The Metcalf himself (pictured at right in a Tokyo club about to fight O-Ren Ishii’s private army, the Crazy 88 — O-Ren being a fervent libertarian) takes up the “factual errors” meme I addressed earlier this week in a new, artillery barrage counterstrike of a post.
Read it. It’s tremendously entertaining, and not conciliatory in the slightest.
About Brad DeLong who caught that Metcalf mis-sourced a cutting line Keynes had written about Hayek (though that he had written it about Hayek is not disputed):
Delong is right in saying Keynes wrote Hayek telling him he admired Road (“a grand book”), but since Delong’s primary interest is in pampering his own self-image as the scourge of a lazy world, he leaves his reader with a false, or at least, incomplete impression.
Metcalf goes on to point out that with proper context the “grand book” comment is revealed as rather clearly patronizing considering Keynes thought its economics only functioned in an ideal set of circumstances and were of little practical use.
In other words, “POW!”
To Julian Sanchez:
I’m tempted to let the essay speak for itself, but let me add: Why, if Nozick did not want to game his example, did he choose Wilt? After all, if Sanchez is correct, isn’t the point made just as well with, say, a happy-go-lucky doofus who rides a wave of Internet exuberance and cashes out big, all while adding to the world precisely zero utility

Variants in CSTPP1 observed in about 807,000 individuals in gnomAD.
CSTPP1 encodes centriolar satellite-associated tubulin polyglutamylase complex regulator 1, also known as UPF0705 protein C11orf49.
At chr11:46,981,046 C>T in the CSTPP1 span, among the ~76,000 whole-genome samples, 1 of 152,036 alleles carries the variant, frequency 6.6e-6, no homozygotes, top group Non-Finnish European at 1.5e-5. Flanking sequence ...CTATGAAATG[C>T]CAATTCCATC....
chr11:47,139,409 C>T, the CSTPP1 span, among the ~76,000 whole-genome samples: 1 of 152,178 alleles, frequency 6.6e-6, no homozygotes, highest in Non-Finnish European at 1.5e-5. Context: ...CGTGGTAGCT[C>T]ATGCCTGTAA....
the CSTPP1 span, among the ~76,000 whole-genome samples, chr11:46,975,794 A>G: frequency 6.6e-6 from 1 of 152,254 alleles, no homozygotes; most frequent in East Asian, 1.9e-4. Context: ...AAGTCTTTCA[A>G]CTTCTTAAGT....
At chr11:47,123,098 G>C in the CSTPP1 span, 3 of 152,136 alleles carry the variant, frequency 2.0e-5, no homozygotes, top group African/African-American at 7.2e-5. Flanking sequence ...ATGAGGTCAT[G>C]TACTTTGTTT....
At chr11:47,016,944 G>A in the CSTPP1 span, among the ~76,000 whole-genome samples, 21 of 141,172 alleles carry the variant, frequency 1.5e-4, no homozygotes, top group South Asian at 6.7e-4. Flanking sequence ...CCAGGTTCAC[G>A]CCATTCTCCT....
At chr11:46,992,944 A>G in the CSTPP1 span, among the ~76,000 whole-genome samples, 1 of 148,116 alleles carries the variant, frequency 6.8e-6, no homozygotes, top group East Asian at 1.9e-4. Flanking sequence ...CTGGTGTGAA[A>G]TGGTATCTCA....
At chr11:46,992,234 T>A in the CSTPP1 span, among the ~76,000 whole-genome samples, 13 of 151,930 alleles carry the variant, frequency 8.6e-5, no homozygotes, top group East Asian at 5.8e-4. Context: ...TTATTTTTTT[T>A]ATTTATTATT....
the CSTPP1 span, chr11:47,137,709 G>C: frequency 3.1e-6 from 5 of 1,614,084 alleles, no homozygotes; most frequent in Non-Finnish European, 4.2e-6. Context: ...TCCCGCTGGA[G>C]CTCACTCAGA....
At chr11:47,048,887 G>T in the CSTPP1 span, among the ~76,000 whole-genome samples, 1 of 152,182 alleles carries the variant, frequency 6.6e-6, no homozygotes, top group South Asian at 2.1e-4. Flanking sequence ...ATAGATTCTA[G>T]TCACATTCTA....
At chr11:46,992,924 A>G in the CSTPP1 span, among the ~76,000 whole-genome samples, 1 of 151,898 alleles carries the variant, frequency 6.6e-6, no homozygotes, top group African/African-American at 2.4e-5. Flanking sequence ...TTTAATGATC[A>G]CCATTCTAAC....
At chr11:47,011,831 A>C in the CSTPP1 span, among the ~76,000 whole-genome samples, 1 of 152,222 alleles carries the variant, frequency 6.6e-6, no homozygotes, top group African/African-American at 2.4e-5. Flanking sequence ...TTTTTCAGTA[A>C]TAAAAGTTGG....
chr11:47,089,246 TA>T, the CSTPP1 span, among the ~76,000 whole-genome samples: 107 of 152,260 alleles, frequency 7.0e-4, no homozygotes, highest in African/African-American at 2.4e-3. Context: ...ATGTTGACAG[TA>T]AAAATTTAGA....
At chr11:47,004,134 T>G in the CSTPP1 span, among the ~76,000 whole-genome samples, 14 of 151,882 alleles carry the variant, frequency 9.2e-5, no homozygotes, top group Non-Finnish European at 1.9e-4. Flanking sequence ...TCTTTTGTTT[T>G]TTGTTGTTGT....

Delicious. That said, I did appreciate Sanchez’ introduction of the term “epistemic closure” to the popular blog-cabulary a couple years back.
Metcalf also responds to the claim made by many that he doesn’t “get” thought experiments using an elaborate (by the standards of your average thousand word article) counterfactual. Toss Slate a click and read it. In the mean time, I thought I might more directly take up the problem of thought experiments as a social theoretic method…
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